I have made 3 cook books: LêLês Gadekoekken (street kitchen), LêLês Groenne Koekken (Green Kitchen) and LêLês Urtekoekken (herb kitchen). I have co-written with 3 other authors in a climate cook book with some of the best chefs in Denmark, and the latest cook book in 2018 with Princess Marie and gourmet chefs.
My own cook books are the bestselling ones in Gyldendal publisher.
My Vietnamese recipes was made so a normal household in Denmark can make themselves and the reason why I was a regular TV chef in the national TV for 6 years.
|Vietnamese cuisine is now well known by many Scandinavians.|
What do you think when introducing Vietnamese cuisine to Danes?
My family was the one that introduced the Scandinavians for Vietnamese food in 2003 where only few know about it. You had to go to Paris or the big cities in USA to find Vietnamese food. So Vietnamese food in Scandinavia in 2003 was like to go find a restaurant in the jungle.
It was difficult to explain the Danes what raw fish sauce is and why should they eat herbs when in 2003 in most restaurant scenes was like a steak with fries.
But it was all about storytelling and passion. We started in 2003 with street kitchen of the goi cuon (fresh spring roll), pho (Vietnamese noodle), ca ri ga (chicken curry) and bun thit nuong (vermicelli with grilled meat).
In the year 2008 with IT and economy crisis, we convinced the Danes that they need takeaway and that it is cheaper. We made a whole line of takeaway of finger food as spring rolls, goi cuon, wontons, etc. In 2010 we showed them Huế cuisine pairing with cocktails and wine. In 2016, it was banh mi and bao stalls in market place and Copenhagen airport.
It is hard work, lots of storytelling but as well a lot of showing up to TV shows as writing cookbooks to talk about the Vietnamese food. When they see they understand and it took like 20 years to teach the Danes to eat Vietnamese food from the different kitchens: from the farmer kitchen, street kitchen as our fine dining from the imperials time in Huế Kitchen.
In 2012, I was the host in the food programme “Eat Vietnam” where I made six episodes going to Ho Chi Minh City, Hanoi and Phu Quoc to show the food and people there.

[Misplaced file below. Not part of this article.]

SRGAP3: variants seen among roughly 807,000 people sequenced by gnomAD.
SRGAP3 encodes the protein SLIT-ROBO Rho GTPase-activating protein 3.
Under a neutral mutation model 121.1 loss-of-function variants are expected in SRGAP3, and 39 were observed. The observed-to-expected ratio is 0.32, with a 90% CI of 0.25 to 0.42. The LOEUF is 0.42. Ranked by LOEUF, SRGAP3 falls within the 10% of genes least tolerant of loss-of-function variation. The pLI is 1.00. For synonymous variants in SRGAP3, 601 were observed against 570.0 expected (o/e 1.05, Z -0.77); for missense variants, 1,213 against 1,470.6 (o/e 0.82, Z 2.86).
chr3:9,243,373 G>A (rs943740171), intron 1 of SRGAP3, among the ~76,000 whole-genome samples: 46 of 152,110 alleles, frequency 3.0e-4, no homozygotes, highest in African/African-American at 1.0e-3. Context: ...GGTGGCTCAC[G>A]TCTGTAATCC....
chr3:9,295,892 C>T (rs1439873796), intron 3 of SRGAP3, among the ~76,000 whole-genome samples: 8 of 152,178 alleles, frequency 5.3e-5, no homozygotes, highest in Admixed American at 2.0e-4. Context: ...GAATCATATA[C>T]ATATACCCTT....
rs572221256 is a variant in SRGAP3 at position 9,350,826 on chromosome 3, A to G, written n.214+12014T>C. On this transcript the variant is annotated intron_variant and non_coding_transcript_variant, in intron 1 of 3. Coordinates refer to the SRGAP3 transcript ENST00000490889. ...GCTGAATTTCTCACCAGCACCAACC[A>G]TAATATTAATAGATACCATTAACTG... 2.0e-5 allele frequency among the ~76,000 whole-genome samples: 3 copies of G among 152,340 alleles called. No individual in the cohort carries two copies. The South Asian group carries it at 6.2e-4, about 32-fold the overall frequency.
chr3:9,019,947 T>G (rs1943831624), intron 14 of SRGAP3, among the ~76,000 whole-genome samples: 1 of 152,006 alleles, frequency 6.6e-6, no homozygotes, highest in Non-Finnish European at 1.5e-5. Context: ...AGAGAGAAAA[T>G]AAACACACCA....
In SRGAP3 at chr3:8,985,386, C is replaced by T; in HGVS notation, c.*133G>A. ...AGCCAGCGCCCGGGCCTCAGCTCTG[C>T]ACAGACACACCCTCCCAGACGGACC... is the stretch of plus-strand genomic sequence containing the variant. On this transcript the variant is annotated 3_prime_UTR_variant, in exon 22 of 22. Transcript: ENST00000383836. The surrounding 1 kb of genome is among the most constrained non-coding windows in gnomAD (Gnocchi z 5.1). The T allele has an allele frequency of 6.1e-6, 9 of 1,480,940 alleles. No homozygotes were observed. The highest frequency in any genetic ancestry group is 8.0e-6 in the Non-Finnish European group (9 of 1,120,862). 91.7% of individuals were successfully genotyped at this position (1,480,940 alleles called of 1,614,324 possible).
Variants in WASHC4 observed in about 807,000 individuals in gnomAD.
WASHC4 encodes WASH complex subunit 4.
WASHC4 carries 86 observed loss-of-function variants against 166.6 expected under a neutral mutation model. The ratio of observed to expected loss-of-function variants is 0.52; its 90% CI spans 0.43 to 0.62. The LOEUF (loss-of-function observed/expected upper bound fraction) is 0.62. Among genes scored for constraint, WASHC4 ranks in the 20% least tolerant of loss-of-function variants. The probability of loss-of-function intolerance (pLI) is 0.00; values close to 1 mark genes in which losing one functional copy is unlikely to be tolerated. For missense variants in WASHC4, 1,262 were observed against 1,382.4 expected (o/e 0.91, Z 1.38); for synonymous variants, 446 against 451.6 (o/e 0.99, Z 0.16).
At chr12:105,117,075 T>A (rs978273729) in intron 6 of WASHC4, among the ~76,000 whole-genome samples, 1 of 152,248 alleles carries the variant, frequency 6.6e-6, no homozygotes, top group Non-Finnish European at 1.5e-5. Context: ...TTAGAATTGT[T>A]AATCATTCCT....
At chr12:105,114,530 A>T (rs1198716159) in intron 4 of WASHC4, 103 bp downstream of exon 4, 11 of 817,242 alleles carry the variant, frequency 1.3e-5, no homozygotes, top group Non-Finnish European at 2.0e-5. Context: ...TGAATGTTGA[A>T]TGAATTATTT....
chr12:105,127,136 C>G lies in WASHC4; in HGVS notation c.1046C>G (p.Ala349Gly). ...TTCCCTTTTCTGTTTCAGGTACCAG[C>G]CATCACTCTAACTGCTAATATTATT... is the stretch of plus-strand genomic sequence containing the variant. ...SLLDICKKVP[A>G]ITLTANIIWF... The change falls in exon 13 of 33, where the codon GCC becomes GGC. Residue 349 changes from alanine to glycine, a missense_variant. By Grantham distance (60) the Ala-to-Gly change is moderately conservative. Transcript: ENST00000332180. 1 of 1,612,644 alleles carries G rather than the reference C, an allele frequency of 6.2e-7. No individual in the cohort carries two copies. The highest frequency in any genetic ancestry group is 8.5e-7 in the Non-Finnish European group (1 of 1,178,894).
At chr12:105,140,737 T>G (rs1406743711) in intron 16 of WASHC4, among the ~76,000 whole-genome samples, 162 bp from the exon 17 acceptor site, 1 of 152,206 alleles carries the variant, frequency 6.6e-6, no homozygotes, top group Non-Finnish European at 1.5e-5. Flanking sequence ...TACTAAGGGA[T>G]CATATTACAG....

The TV programme was shown in Denmark, Sweden, Norway, Finland and Iceland.
Therefore, to my siblings and I, introducing Vietnamese food to the Scandinavians means that we are telling our stories, showing our roots and proud of our culture.
|Chef Anh Le with her royal friends and the book co-written with Princess Marie.|
What is the factor that makes your dishes always pure Vietnamese?
When living in a cold country you can’t always get the Vietnamese products. But to me, Vietnamese food is when using the best quality which means I have to use local Danish products and pairing it with the fish sauce and herbs to make it become Vietnamese food for me.
It isn’t logic if I import a frozen Vietnamese fish to do ‘canh chua’ when I have lots of fresh Danish fish. But the fish sauce has to be import from Thanh Ha in Phu Quoc (smile).
And real Vietnamese is that the recipes are by my grandmother from Hanoi and my mother from Saigon.
Do you have plans to develop Vietnamese dishes in the future?
I do not intend to develop more Vietnamese dishes because I have spent 20 years introducing those dishes to the Danes. Now is the time to reap the fruits of the hard work of the past. I have just reopened my Vietnamese bakery and will fulfill my dream of making the Danes “addicted” to the favorite dish I dream of eating everyday: that is ‘bun dau mam tom’ (tofu in fermented shrimp paste with meat balls and noodles) just like the taste in the streets of Hanoi.
You must still have a lot of feelings about Vietnam!
For years I have been travelling and working all over the world: in the United States (New York, Washington D.C., Los Angeles), France, Schweiz and Denmark. And I must admit that my happiest two years in my life was in Ho Chi Minh City in 1995 to 1997. When my son turns 18, I would like to live more in Ho Chi Minh City, around Hanoi and in Da Lat. This is my goal in the next five years.
For 45 years I have been searching for my roots by living in different countries. I have seen tall Vikings all my life, meeting brown, black and red color people and trying their food. Learning a lot from the different cultures and having a good time in the different cities.
But finally, when looking in the mirror I see an Asian woman, when thinking of my memories it was always the first in my first five years of life with the streets of Ho Chi Minh City, the green rice fields of Song Be and the language of my grandparents. And the dishes that satisfied me most and, in my dreams, when craving for food are Vietnamese dishes.
Once when I was stranded a cold winter in Warsaw (I was then flight attendant for Swissair in 1999). Walking around in the big market I was somehow very happy and I realized first after 30 minutes that all the stalls there were owned by Vietnamese people. Wherever I am around the world, I always look for a Vietnamese restaurant.
It tells my longing for Vietnam.
|The crowded Bánh mì CPH that Chef Anh Le has just opened, serves Vietnamese-style bread.|
|Every time we sat together, the laughters seemed endless.|
By: Thanh Chau
Photo and video source: CNA, Anh Le, Thanh Chau
Design: Nguyen Hong